Overview: I come from a hearing-challenged family. My father did pretty well, but my mom had severe losses (probably due to living in a house with 7 rambunctious children). She wore aids from her 40s on. Of my 6 siblings, only one doesn’t wear aids now. Two have had a single CI, one has a pair of CIs. I will represent the 4th of 7 to have an implant. I started wearing hearing aids in 2001, upgrading every 5 years to newer, more powerful models. In mid-2023 I began  seriously pursuing getting a cochlear implant (CI) for my left ear. I wrote about my HA journey in 2011.

How did I get here?

I taught elementary school from 1990-2015. By 1994 I was complaining to OSHA that I couldn’t hear little girls’ voices in my 4th grade classroom. They said I couldn’t get help from them because if my ears were good enough to call them on the phone, they weren’t bad enough!

By 2001, I got my first set of hearing aids (HA). They helped, to a point. Keep in mind that HA make everything equally louder and are not discerning. Every five years I had to get new aids , out of pocket, as my ears deteriorated. This coincided with regular performance improvements. I did well for a while. Over time my left ear became significantly worse than my right. Higher pitches were nearly impossible for me to hear. Fortunately for my sanity, I transferred from teaching in the classroom to PE in the gym where I could always see if the kids were understanding what to do. I still couldn’t hear much in the gym, but I was able to do my job. But living in intergenerational cohousing has meant struggling to hear at common meals and meetings.

As we moved into our cohousing community, I immediately had trouble in group settings, such as meetings and meal times. My speech understanding continued to deteriorate.

In 2022 my audiologist told me I might be a candidate for a CI. Unfortunately, I had just joined a 5-year drug trial for a possible Alzheimer’s treatment. That study required quarterly MRIs and since CIs involve implanting a magnet in your skull, they were temporarily out of the question. As it turns out the new models of CIs are MRI compatible. But no matter, a year later I had to drop out of the study due to a known potential side effect of the drug. Bad news. The up side was I could start looking at the possibility of getting a CI again.

Aiming for a Cochlear Implant

My audiologist at the University of Washington Speech Clinic said I easily qualified. A test at Kaiser (our Medicare insurer) resulted in the opposite result. They told me I decidedly did NOT qualify! We spent 5 months trying to get a second opinion. Eventually we got Kaiser to do a 2.5 hour CI workup and they finally agreed I’d be a good candidate. It took until January 2024 to get the surgical approval, set for March 14. It took a lot of pushing to get the date that fast, but I was glad I had Sheila working the angles for me. She also spent a couple of months waiting for that appointment exploring insurance options just in case we couldn’t get KP to approve the surgery. Since we’ve been with them for decades AND they’re a few blocks from our home, we didn’t really want to leave them. Fortunately we didn’t have to.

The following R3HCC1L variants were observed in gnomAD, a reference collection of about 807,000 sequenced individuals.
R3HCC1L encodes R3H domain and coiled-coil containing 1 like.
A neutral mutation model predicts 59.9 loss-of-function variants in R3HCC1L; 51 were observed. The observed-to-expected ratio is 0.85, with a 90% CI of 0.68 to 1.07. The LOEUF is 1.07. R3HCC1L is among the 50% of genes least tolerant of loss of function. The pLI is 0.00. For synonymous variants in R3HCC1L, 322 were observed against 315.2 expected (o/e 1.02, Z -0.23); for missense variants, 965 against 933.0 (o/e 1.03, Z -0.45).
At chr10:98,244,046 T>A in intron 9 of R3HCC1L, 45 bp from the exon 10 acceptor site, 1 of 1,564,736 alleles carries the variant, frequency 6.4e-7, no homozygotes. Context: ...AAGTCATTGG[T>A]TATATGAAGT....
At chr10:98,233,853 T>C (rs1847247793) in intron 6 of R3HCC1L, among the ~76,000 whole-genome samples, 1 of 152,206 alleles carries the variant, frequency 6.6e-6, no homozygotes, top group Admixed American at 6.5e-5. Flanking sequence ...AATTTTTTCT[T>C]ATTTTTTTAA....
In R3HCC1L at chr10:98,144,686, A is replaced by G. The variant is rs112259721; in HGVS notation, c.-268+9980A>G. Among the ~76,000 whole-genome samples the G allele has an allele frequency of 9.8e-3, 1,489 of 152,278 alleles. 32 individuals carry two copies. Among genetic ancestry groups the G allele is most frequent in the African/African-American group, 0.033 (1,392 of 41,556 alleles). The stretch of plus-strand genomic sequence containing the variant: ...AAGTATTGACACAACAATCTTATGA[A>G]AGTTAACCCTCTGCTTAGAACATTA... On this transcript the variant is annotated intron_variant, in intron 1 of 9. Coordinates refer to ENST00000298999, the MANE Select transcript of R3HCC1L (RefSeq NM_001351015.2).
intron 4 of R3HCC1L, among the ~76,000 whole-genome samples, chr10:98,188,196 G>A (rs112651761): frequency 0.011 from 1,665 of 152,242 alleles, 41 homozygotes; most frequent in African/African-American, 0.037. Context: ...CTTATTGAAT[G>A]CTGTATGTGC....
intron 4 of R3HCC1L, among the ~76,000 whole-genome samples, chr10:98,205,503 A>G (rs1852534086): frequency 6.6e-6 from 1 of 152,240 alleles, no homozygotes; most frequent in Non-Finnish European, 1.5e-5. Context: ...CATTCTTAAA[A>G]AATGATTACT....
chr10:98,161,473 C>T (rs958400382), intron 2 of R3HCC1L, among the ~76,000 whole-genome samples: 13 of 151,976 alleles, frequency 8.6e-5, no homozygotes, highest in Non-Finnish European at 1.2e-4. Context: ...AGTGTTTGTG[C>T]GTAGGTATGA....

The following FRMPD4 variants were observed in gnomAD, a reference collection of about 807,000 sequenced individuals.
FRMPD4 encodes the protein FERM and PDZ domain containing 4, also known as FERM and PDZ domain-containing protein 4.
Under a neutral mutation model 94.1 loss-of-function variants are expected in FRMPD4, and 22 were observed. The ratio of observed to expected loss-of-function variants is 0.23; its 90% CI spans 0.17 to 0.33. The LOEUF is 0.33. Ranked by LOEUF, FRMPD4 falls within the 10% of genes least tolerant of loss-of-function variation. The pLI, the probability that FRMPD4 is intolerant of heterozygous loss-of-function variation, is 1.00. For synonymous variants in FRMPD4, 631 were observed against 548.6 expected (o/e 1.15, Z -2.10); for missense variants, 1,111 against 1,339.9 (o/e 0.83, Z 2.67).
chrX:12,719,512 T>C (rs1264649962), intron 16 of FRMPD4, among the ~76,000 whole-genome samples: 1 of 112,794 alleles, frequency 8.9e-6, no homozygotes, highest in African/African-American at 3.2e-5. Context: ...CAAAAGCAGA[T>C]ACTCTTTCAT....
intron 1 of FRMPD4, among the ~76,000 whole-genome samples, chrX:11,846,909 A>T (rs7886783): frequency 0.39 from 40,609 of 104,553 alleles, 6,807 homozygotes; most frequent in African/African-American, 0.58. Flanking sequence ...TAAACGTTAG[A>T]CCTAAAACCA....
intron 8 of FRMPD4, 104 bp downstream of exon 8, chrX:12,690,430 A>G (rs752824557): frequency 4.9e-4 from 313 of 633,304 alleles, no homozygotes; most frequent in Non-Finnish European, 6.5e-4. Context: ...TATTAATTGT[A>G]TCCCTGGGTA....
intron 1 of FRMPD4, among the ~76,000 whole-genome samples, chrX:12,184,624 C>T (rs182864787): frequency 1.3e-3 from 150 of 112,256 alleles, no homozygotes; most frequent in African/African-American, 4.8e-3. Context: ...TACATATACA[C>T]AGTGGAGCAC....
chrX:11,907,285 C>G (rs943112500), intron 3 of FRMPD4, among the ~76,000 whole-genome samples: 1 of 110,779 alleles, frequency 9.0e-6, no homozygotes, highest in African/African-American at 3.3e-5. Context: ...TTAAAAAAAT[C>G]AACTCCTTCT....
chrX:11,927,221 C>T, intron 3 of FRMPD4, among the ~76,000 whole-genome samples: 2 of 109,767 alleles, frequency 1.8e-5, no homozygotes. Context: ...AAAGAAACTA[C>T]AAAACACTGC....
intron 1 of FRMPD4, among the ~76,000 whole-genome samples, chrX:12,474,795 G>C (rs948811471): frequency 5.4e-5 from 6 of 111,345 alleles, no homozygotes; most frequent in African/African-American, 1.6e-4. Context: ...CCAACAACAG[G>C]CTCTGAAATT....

Research & choices

There are so many things to figure out when considering a CI. First of all, there are only 3 brands available in the US: Cochlear America (CA, an Australian company), Advanced Bionics (AB), and MED-EL. But what’s the difference? How to choose? Sheila, being the consummate researcher, immediately got onto the web and found this comparison chart that is kept up to date. We also joined a Facebook support group focused on CIs. And we visited with people from the local Hearing Loss group. We initially settled on the CA as as they have 50% of the market share and all my siblings have one of theirs. MED-EL didn’t seem to be in the running. AB sounded great except for the recent recalls they had.

This is the AB review that shifted our opinion. The AB is the only one made in America and most importantly the only one which allows the HA to coordinate with the CI. Looking more closely, we spent some time with an AB rep at our home. It seems the AB may very well allow me to hear with directionality. One app would control both the CI and the HA. Those would be big improvements over the other options. Plus, we can get fun colors. Soon, we had made our choices and prepared for surgery. Of course, the dates for the surgery had to be arranged around our planned cycling trip to Tucson. We wanted to get in our 3 weeks riding in the sun in case the surgery left me unable to ride the tandem, a rare potential side effect is dizziness. So the surgery was set for March 14. They have to wait until the incisions heal before activating the CI. At the activation appointment on March 29 is when they turn on the processor. Then the learning begins.

What happens in surgery?

If you are squeamish, this is the simple version. They insert an electrode into my inner ear (cochlea) and create a place for an internal sensor behind my ear. Skip now to SURGERY.

More details for the strong of stomach:
They make an incision behind my ear, then flap the ear out of the way. The doc drills away some of the mastoid process so they can see where all the important facial nerves are as well as a small access hole to slide electrodes into the cochlea. That thin wire spirals through the cochlea. The rest of the internal processor is embedded in the skull just above the ear. Then everything is zipped up to heal.